In the Jungle Book, Mowgli is surrounded by a litany of animals, from jackals to tigers to bears to boa constrictors, who talk to him, and play with him, and generally kick ass all over the jungle. The show, along with the superb title song created by Vishal Bharadwaj and Gulzar, made the idea of animals fascinating to me.
I had gone to a zoo only twice in my life. The first was as part of a school trip at school during my Prep, where we sat on a train and shouted ‘Lion, lion’ and ‘Tiger, tiger’ all through the journey. The second was during my graduation at the Nandankanan zoo at Bhubaneswar. This Nandankanan zoo takes interaction with wild animals to a new level, especially when monkeys snatch food from your hands, make faces at you, and run away.
I never liked the concept of zoos too much. The idea that the animals were caged and captivated didn’t appeal to me.
I have always found our attitude to animals funny. In our country, for an animal to be treated with some respect, it has to be associated with some god. Snakes are worshipped on Shivrathri and beaten with sticks on other days. Monkeys are left alone if they hang out near a Ram temple, because that automatically makes them incarnations of Hanuman. If a pig loiters around a temple, it becomes a ‘devoted pig’, but otherwise, it’s just, well, a pig.
So I was not very kicked about going to a zoo again.
The zoo had all the usual customers. The family with annoying kids who wanted to see ‘exciting’ animals, the bored husband, and the couple who had come in to find some quiet time to explore their animalistic tendencies. Then there were the parents who were bullshitting to their kids just to shut them up: “The tiger is growling because he wants to eat food.” The tiger was probably roaring to remind itself of its species, but anyway.
A board at the entrance informed us about the animals in the zoo. Emus, peacocks, pheasants, other owls, and then the big cats. The animals were interesting by themselves, but what was more interesting was the reaction that people had when they saw them.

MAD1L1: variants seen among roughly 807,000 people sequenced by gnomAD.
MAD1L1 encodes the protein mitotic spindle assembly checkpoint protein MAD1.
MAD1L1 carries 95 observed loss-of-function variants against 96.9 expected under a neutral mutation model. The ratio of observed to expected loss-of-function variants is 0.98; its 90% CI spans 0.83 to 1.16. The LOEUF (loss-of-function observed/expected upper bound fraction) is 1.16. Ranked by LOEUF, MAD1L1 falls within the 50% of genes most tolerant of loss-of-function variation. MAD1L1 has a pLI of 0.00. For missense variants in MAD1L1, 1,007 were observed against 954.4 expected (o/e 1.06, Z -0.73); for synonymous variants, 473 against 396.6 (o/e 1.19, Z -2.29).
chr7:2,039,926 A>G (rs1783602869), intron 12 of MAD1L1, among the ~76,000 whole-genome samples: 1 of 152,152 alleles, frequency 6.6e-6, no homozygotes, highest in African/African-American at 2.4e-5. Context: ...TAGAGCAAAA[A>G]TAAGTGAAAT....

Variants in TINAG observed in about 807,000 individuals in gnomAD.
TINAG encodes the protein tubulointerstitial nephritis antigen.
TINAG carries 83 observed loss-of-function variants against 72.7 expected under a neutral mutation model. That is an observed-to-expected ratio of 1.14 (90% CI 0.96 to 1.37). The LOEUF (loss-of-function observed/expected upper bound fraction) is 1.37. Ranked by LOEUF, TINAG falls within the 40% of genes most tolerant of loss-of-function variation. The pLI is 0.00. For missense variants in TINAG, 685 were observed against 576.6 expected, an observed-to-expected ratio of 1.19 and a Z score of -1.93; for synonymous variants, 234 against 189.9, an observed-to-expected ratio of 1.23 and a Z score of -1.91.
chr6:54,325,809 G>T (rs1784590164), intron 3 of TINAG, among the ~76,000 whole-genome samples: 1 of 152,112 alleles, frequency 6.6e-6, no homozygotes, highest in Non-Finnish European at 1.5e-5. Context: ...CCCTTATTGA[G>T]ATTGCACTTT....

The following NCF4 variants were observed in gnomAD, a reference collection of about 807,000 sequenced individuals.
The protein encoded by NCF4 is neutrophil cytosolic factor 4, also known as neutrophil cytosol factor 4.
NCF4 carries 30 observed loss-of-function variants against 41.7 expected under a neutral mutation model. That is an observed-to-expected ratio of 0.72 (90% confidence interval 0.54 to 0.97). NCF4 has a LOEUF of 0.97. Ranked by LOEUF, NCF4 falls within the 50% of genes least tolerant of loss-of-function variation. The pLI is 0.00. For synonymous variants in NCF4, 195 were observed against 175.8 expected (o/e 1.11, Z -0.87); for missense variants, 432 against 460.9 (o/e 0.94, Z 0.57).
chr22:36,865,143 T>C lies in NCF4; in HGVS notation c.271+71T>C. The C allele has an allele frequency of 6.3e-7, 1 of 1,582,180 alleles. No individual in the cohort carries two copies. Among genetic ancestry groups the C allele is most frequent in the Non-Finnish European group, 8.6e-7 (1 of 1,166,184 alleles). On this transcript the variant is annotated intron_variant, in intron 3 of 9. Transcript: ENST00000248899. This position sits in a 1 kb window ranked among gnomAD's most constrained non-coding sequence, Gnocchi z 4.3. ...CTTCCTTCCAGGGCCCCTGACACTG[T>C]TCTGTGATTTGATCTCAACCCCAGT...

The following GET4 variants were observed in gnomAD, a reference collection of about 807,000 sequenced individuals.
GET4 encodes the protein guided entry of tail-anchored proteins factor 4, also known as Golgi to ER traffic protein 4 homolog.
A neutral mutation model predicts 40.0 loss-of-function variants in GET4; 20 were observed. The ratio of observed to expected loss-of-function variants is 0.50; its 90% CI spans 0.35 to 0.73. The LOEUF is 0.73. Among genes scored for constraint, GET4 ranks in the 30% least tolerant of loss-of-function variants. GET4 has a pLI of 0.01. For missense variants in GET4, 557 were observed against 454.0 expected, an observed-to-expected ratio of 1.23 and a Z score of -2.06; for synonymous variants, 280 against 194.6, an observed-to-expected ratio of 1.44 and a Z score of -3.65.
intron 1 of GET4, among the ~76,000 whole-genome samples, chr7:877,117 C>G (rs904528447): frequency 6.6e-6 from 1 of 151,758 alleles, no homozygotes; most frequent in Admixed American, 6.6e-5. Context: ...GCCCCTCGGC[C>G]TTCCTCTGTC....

The more ‘exotic’ the animal was, the more time people spent in front of them. It was like an audition for ‘Jungle’s Got Talent’, and we were all Anu Maliks and Kirron Khers. So while groups of people would stand in front of a peacock and marvel at it, the next cage had a white peacock. And the people would just move on, saying “Abba! Just a white peacock.”
The white tiger got all the attention. People oohed and aahed when it walked, or looked their side, or just farted. Its enclosure was created in such a way that no matter what it did, it was always within eyeshot of the onlookers.
It was a magnificent creature. With deep, blue eyes, and the feline grace of a cat, it walked about majestically, looking at each and every one of us.
Once I got over the sheer beauty of the creature, I felt a tinge of sadness looking at its surroundings. Made to live in an area of about 50 meters radius, it was like kidnapping the Sheik of Dubai and making him live in a 1 BHK.
The white tiger obviously got all the attention. People stood in front of it, and made sounds to get its attention, and took photos with flashes. If only the tiger could talk, it would be abusing them like Captain Haddock after a bottle of Blue Label.
While more and more people accumulated near the tiger, it was funny how we human beings had reduced the space into a supermarket. Those that are attractive to us are given attention, the others are left ignored, while we move on to the next cage.
And then I thought, who was I kidding?
We were human beings. We fucked the whole planet for our needs. The very concept of capturing wild animals and keeping them in an enclosed space so we could watch them from a distance to get our kicks spoke more about us than anything else.
“Screw the pheasants,” I said. “Let’s check out the cheetahs.”